Re-Cycled: Lance Armstrong was on drugs

Alongside Michael Jordan, the sportsman I admire most wears yellow. I own his Nike watch. Several Armstrong books adorn my mini-library. A pair of sunglasses with his signature I’ve purchased. That yellow band with the “LIVESTRONG” name? I’ve collected those long before Noynoy Aquino’s crusade.

Lance’s story — a 22-year-old champion stricken by testicular cancer that had metastasized to his lungs and brain only to defeat the Big C bastard and climb back the saddle to pedal and win seven Tour de France crowns — is better than Hollywood. It’s true. Quite possibly, it is the most powerful story in all of sports. Ever.

That’s why, three days ago, when Floyd Landis, the former teammate of Armstrong, emerged with the story that implicated Lance as a drug cheat… this was explosive.

Not that these drug allegations are new. Since Lance won his first LeTour in 1999, drug issues have hounded his yellow jersey like a black shadow. Hundreds of “Lance Is A Cheat” exposes have, like Robin Hood’s arrow, targeted him in the past. But, let’s remember: not once has Mr. Armstrong — the most drug-tested athlete on earth — tested positive. Ever.

Still, this revelation by Landis is damaging. For three years starting 2002, Floyd with Lance was like Scottie Pippen to Michael Jordan. He was, to borrow a cliche, Lance’s “right hand man.” They were not only buddies, they were US Postal Service team partners. Floyd would pedal ferociously up the Pyrenees mountains while Lance rode behind. Then, like a dutiful servant, Floyd would give way as The Yellow Master overtook and zoomed to the finish line first. Floyd was Robin. Batman was Lance.

What did Landis reveal 72 hours ago? In emails that he circulated and a phone call to an ESPN writer, he announced: 1) That he was a drug cheat, 2) that Lance was the same and, worse, taught him and others to use testosterone patches, blood transfusions and EPO, 3) that their teammates did the same, and 4) that officials and governing bodies were paid to quiet the story.

Given Landis’ stardom status — he won the ’06 TdF — this revelation was tantamount to the Watergate scandal that evicted U.S. Pres. Richard Nixon. This was very, very, very explosive.

Well, yes… and no. For here’s the problem: While the message may be explosive, the messenger is “damaged goods.” Landis is one man whose honesty is loaded with… dishonesty. Consider these facts: After lab tests revealed that Floyd took drugs during his 2006 victory in France, he did what any dishonest man often does: deny, deny, deny. He wrote a book, “Positively False: The Real Story Of How I Won The Tour.” He launched a fund-raising campaign that collected $1 million to pay for his lawyers. He appeared on Larry King Live and, with a serious face that made me and millions of others believe him, said “I’m honest.” Well, didn’t Ferdinand Marcos say the same?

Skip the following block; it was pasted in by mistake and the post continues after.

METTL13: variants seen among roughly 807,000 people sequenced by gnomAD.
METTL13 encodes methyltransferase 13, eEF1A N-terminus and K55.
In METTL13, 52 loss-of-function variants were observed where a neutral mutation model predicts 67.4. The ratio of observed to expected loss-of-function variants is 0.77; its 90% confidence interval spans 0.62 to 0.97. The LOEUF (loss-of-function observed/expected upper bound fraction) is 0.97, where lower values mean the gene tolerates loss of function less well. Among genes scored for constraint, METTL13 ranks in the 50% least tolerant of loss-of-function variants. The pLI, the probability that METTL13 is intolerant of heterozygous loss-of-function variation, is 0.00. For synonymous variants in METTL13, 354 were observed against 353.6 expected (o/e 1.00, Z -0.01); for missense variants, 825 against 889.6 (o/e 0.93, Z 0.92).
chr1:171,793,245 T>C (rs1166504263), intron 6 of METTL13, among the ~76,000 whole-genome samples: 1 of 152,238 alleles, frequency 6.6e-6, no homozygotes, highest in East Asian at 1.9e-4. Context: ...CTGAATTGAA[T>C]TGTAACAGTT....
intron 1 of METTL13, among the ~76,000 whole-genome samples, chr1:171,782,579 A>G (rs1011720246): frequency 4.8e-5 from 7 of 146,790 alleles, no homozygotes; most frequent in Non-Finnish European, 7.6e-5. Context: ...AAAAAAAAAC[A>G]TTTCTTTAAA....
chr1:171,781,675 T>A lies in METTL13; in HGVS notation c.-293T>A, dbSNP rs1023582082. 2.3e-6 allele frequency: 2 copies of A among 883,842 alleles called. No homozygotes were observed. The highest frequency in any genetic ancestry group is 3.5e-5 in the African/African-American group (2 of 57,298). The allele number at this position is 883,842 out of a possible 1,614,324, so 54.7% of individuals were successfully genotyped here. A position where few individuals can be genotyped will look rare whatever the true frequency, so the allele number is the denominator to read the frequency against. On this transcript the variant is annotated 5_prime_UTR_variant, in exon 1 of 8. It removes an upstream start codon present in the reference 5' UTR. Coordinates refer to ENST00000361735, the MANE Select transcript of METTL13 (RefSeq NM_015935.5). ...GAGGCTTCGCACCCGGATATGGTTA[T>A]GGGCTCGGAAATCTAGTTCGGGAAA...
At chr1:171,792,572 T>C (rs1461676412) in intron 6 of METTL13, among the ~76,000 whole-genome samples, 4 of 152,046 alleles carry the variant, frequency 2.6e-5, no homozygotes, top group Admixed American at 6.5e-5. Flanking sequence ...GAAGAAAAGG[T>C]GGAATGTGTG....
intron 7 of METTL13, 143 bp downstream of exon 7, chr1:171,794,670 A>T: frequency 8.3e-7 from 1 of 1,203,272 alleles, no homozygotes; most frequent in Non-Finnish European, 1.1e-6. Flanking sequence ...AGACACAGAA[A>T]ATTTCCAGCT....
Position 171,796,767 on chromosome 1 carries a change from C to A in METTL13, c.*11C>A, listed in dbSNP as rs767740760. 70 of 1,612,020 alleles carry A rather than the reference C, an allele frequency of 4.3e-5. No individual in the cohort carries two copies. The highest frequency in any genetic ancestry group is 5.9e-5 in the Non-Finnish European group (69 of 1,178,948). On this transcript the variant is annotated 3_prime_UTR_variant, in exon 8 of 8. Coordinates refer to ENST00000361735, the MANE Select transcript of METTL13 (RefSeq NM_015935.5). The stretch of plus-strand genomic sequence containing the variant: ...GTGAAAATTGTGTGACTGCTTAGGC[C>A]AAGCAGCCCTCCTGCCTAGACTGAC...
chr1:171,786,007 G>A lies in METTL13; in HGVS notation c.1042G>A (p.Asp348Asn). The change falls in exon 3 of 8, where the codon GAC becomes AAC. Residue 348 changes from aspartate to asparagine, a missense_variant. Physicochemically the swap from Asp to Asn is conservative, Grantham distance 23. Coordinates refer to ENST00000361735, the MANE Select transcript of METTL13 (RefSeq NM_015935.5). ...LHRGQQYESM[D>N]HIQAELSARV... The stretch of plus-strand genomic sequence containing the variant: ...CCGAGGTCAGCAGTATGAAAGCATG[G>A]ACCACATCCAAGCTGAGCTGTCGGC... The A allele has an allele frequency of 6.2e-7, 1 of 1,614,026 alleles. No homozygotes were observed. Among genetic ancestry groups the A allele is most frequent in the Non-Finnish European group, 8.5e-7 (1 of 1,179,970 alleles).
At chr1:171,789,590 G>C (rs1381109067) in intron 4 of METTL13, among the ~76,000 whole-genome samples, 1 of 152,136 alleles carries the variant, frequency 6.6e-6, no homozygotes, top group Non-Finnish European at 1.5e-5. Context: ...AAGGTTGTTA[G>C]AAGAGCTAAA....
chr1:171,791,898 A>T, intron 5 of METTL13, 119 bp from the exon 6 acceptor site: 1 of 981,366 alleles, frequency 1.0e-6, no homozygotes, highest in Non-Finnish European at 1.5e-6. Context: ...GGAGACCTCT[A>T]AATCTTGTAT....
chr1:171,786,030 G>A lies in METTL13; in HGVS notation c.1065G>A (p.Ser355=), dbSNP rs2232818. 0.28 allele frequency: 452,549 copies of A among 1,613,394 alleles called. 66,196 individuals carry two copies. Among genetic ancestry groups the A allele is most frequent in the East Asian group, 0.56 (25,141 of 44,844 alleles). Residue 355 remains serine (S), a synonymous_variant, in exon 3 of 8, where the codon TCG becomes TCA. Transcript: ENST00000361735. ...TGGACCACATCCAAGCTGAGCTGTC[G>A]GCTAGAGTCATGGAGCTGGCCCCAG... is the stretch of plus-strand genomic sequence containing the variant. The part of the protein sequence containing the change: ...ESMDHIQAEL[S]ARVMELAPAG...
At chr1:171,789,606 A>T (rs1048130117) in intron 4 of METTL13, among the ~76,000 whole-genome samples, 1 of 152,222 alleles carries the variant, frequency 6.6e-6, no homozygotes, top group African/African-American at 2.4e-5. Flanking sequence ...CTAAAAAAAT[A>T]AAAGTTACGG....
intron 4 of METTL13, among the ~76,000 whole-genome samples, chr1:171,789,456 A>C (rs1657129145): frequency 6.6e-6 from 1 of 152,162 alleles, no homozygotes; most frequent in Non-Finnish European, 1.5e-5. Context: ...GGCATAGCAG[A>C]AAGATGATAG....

“If there was one word I could walk away with that sums this all up its ‘Credibility,'” said Armstrong, hours after the news surfaced. “Floyd lost his credibility a long time ago. You’ve got someone who’s been under oath with a completely different version, someone who wrote a book with a completely different version… He has said he has no proof. It’s his word versus ours … and we like our word.”

Lance has a point. But here’s the biggest problem of them all: We don’t know whom to trust. Ben Johnson said he never did drugs. He did. Marion Jones cried oceans and said she never injected. She did. Roger Clemens never took steroids. He did. Landis said he never took EPO. He did.

Lance Armstrong? Like many of you, I hope — for mankind’s sake — that he is honest. I hope he did not inject. I hope he is yellow clean. Because if he’s not, then who, in this universe, can we trust?

Which brings me to the advocacy of the Catholic community that I belong to — the Brotherhood of Christian Businessmen and Professionals (BCBP) — which sums this story best:

Leave a Reply

Your email address will not be published. Required fields are marked *